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#1605

Posted 21 March 2014 - 07:09 PM

I approve of this message :p

 

 

Also, I'm thinking of uploading the first episode of my big project this weekend sometime, as-well as some new chapters of the Death Note fan fiction: P


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#1606

Posted 22 March 2014 - 12:04 AM

Go for it if you feel it's ready.

 

Any other musicians in?

 

I'm trying to learn Muse's Butterflies and Hurricanes and the intro is kicking my ass. I just can't figure out the rhythm. Also tried learning Ring of Fire and The Real Me (the Who), the former is very strange and the latter is just insanity.

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#1607

Posted 22 March 2014 - 01:47 AM

I'n no Hendrix but I can play the sh*t out of a flute. Have all you twerkin' your hot buns to Hot Cross Buns.

 

Also. I'm curious as to how you all plan and develop characters -if you do so at all- as I'd like to see what methods work or not.

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#1608

Posted 23 March 2014 - 12:10 AM

I don't really have any set method. I have an idea for a character and it develops as I plan and write. When i'm really feeling a story, I actually pretend to be that character, having conversations with myself, or with him/her. Strange and probably not very healthy mentally but hey.

 

Don't knock the flute, Ziggs. You play often?

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#1609

Posted 23 March 2014 - 01:37 AM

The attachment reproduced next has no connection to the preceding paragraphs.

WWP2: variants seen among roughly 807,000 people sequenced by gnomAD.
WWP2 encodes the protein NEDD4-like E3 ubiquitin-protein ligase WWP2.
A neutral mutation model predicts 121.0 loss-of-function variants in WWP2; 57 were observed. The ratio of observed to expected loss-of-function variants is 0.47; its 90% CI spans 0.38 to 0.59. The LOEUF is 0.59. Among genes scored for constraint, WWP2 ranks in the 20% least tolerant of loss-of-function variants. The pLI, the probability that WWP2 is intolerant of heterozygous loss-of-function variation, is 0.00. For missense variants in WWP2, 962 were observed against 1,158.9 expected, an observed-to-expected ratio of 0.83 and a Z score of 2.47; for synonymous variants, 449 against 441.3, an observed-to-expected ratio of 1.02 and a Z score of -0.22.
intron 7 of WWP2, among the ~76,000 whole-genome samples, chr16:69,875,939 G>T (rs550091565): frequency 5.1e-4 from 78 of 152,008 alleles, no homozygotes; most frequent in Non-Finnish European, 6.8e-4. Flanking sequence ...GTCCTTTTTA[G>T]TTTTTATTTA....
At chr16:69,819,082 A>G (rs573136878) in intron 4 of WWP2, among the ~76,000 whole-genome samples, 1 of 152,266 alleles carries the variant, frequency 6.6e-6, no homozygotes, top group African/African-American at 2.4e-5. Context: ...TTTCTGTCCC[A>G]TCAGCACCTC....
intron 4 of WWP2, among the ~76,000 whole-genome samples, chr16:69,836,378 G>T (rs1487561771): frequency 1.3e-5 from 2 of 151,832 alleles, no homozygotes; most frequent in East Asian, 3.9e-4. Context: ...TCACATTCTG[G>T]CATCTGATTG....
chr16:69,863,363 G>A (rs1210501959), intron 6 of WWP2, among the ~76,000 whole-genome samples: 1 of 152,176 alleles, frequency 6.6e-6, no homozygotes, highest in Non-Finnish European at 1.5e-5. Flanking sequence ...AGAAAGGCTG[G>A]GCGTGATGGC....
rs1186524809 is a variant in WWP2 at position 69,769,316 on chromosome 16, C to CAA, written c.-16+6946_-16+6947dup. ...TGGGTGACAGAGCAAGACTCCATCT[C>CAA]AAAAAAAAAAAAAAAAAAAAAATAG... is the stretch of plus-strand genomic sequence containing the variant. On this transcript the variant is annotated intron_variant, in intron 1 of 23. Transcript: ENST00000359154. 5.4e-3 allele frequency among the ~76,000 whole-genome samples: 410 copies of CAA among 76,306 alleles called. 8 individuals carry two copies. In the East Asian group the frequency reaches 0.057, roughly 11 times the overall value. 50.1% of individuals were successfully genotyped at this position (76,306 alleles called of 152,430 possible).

Also. I'm curious as to how you all plan and develop characters -if you do so at all- as I'd like to see what methods work or not.

 

I take people I know. Then I say this or that happens to them. Usually this or that is a horrible thing and that creates a conflict which changes them and then that is the development I use. Pretty much everything I write goes back to me taking the idea I have of this person and that person, and then doing things to those ideas, following the progression of how they would change based on how I know them. The benefit of this method is obvious because by creating conflict next to a character I am innately making what one could call a "plot."

 

 

I was talking more of the style of punctuation that was present in the Road. 

 

This is kind of a square:rectangle thing. McCarthy follows heavily from a line of writers who abstained from conventional writing method to portray instead the truth of the world as they themselves saw it. Writers of Southern Gothic literature like William Faulkner who if you read the first chapter of The Sound and the Fury will know doesn't give a motherf*ck about conventional conjunction, punctuation or narrative. This separation from the norm is experimental and the reason these authors are known for it isn't simply because they did it: it's because these authors excelled in breaking the rules, so to speak. This same idea applies to McCarthy and his convention of being unconventional with quotation marks and the like.

 

As to why The Road works like that-- McCarthy's writing echoes in the vein of oral tradition like I said. This simplistic approach to prose makes it work very well from a technical perspective when you observe it in a story that also thematically approaches the breakdown of society and order and what it means to be human. This break from the standard, this complete alienation of structure is what makes The Road's format work for what it tries to do.

 

 

Anyway enough of that literary handjob. I just finished reading The Sound and the Fury coincidentally and I'm just taken aback at how fantastic it was. It's a pretty iconic work of Modernism and Southern literature so I don't know why I didn't grab it sooner. I was always afraid Faulkner wouldn't jive with me and I'd let myself down in some way from that. Quite the opposite, though: the novel was disjointed and passionate. It spoke from the perspective of three siblings to try and paint a place and time in history as best it could. The sh*t reeked of Modern tradition and it did it as well as I've seen it done-- I found it way more enthralling than Portrait of the Artist as a Young Man, for instance. Anyway, the book rocked. It distracted me from my other reading plans but oh well.